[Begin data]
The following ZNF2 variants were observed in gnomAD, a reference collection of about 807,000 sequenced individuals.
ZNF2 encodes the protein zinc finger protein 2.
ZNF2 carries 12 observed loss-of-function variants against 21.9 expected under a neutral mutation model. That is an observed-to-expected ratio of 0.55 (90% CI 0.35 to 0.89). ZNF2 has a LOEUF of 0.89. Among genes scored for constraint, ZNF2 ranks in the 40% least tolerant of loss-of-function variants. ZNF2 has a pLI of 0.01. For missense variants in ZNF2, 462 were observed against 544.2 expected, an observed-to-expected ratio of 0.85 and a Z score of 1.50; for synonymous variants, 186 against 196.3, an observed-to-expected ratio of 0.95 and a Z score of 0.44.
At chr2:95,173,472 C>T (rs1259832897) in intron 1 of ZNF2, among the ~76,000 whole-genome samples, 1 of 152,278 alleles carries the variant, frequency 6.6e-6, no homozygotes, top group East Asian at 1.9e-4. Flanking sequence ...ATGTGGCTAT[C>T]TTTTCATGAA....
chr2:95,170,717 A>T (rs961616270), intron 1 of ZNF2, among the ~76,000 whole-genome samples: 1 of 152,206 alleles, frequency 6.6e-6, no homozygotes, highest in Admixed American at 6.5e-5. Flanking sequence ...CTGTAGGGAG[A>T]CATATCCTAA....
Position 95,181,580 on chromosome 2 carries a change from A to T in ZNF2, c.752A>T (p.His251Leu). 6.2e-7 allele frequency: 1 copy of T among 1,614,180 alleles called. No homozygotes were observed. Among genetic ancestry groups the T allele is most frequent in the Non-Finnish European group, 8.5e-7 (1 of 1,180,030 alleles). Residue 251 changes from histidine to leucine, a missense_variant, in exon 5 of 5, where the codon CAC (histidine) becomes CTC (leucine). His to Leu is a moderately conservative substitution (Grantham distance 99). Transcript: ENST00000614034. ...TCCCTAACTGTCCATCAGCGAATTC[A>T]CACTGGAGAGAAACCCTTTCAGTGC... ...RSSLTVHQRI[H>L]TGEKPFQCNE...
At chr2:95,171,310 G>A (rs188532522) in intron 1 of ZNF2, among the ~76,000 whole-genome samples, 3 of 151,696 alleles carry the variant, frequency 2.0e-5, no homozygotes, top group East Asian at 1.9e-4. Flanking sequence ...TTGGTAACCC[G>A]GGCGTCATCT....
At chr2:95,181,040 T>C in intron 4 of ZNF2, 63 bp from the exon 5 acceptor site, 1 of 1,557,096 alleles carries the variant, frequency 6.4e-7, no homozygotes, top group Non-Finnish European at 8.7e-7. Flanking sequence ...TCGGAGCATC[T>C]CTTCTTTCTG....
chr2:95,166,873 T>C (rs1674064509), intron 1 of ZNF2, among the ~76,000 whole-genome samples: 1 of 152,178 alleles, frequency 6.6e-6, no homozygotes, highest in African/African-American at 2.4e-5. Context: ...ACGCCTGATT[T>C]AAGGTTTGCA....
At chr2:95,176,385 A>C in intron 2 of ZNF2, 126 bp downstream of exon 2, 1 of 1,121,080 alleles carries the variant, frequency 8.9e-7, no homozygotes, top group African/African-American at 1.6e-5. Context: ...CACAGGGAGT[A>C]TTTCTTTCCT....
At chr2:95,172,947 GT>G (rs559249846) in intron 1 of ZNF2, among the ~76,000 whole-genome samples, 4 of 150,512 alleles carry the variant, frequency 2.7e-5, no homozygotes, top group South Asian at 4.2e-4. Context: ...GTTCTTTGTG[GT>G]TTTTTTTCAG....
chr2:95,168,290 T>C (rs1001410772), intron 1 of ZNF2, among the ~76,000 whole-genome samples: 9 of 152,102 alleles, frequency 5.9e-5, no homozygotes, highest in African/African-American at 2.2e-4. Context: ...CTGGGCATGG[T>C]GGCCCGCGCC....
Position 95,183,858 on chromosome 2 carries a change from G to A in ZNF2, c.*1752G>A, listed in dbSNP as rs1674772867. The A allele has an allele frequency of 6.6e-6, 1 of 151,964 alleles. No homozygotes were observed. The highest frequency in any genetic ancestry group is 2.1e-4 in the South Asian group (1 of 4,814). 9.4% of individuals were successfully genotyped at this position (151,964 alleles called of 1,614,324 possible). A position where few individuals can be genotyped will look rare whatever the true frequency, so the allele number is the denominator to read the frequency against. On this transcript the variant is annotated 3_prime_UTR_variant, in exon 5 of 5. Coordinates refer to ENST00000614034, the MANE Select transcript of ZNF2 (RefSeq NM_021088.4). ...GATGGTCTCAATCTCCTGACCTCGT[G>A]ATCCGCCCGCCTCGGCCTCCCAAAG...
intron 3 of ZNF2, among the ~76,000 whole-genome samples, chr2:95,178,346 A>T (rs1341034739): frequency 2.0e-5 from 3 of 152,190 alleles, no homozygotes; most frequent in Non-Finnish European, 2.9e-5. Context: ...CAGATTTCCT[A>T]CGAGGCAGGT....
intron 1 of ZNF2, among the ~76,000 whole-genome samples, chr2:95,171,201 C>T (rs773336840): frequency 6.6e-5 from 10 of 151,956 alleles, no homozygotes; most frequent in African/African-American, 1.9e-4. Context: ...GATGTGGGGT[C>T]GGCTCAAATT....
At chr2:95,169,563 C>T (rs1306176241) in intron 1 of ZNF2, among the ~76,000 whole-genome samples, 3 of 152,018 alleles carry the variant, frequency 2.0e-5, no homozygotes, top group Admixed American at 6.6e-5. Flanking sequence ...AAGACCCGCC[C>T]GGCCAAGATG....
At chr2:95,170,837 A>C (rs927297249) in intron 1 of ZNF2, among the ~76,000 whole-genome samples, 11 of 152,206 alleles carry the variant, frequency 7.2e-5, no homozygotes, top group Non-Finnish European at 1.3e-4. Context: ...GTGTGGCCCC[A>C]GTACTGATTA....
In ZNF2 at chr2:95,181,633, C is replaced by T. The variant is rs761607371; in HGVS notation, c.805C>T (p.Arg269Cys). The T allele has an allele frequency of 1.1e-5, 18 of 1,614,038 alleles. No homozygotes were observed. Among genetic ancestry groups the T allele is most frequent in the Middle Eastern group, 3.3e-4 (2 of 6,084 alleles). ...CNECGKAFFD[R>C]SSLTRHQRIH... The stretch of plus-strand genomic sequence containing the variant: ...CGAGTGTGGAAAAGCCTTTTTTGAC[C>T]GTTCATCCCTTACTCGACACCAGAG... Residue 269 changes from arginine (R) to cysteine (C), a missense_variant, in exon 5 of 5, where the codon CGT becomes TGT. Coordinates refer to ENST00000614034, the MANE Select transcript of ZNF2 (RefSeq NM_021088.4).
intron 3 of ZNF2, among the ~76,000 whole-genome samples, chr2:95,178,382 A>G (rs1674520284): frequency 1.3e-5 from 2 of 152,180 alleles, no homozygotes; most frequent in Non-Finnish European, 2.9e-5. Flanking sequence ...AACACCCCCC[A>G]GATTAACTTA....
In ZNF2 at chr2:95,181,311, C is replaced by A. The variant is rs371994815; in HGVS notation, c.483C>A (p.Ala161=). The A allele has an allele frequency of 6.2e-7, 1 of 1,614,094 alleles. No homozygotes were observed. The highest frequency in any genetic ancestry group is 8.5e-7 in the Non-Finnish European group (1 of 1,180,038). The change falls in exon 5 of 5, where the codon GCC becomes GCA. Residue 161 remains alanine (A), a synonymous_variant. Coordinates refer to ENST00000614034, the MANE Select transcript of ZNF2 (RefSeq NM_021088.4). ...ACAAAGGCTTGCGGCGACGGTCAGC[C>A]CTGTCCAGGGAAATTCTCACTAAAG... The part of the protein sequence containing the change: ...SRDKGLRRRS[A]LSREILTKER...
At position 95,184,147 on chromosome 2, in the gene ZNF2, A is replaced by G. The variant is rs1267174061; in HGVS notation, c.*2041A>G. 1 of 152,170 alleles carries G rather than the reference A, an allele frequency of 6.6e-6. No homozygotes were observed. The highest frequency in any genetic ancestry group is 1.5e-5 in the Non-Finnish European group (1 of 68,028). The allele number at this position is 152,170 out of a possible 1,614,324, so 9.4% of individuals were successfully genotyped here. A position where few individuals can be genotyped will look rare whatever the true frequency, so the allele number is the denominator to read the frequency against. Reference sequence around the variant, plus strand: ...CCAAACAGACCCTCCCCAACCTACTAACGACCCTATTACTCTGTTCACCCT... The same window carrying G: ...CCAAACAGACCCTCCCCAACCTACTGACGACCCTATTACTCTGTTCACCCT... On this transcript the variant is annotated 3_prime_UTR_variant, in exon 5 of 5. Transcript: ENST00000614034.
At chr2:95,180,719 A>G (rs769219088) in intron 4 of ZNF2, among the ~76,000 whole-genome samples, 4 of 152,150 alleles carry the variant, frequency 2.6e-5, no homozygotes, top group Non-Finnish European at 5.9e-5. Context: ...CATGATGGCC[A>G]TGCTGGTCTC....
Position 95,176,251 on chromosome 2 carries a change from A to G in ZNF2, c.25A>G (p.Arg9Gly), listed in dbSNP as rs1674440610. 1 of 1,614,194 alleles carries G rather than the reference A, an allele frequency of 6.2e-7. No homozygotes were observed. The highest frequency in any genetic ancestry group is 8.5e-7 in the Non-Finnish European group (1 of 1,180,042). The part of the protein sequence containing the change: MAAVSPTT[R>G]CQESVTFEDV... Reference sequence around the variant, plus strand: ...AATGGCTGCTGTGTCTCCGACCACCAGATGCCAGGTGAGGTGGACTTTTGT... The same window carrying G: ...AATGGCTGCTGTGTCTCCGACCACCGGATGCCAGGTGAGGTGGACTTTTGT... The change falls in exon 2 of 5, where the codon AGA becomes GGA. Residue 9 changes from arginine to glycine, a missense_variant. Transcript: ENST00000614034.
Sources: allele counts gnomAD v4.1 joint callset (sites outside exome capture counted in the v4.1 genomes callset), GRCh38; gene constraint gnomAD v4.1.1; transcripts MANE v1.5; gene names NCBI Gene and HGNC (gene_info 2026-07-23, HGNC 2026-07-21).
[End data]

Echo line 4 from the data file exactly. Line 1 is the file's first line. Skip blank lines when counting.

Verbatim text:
At chr2:95,173,472 C>T (rs1259832897) in intron 1 of ZNF2, among the ~76,000 whole-genome samples, 1 of 152,278 alleles carries the variant, frequency 6.6e-6, no homozygotes, top group East Asian at 1.9e-4. Flanking sequence ...ATGTGGCTAT[C>T]TTTTCATGAA....